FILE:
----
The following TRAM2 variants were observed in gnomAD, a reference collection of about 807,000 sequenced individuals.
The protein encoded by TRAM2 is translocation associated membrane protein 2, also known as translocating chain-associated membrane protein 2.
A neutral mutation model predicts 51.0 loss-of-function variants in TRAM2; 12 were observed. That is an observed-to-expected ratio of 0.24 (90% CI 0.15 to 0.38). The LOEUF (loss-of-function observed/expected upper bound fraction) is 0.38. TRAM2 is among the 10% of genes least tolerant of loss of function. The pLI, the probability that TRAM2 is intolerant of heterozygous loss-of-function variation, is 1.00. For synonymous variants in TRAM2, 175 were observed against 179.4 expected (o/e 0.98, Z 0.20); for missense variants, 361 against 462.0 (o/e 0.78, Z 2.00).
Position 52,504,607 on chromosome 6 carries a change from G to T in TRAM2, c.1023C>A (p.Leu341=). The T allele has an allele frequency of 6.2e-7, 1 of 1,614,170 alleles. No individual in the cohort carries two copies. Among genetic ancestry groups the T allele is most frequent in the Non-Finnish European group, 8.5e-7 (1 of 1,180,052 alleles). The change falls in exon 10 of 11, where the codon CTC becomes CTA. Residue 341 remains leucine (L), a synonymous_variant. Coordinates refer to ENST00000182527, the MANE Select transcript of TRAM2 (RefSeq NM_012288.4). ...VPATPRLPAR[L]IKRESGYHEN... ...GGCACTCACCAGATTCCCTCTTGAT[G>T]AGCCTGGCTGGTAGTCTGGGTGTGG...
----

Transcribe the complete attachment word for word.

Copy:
The following TRAM2 variants were observed in gnomAD, a reference collection of about 807,000 sequenced individuals.
The protein encoded by TRAM2 is translocation associated membrane protein 2, also known as translocating chain-associated membrane protein 2.
A neutral mutation model predicts 51.0 loss-of-function variants in TRAM2; 12 were observed. That is an observed-to-expected ratio of 0.24 (90% CI 0.15 to 0.38). The LOEUF (loss-of-function observed/expected upper bound fraction) is 0.38. TRAM2 is among the 10% of genes least tolerant of loss of function. The pLI, the probability that TRAM2 is intolerant of heterozygous loss-of-function variation, is 1.00. For synonymous variants in TRAM2, 175 were observed against 179.4 expected (o/e 0.98, Z 0.20); for missense variants, 361 against 462.0 (o/e 0.78, Z 2.00).
Position 52,504,607 on chromosome 6 carries a change from G to T in TRAM2, c.1023C>A (p.Leu341=). The T allele has an allele frequency of 6.2e-7, 1 of 1,614,170 alleles. No individual in the cohort carries two copies. Among genetic ancestry groups the T allele is most frequent in the Non-Finnish European group, 8.5e-7 (1 of 1,180,052 alleles). The change falls in exon 10 of 11, where the codon CTC becomes CTA. Residue 341 remains leucine (L), a synonymous_variant. Coordinates refer to ENST00000182527, the MANE Select transcript of TRAM2 (RefSeq NM_012288.4). ...VPATPRLPAR[L]IKRESGYHEN... ...GGCACTCACCAGATTCCCTCTTGAT[G>T]AGCCTGGCTGGTAGTCTGGGTGTGG...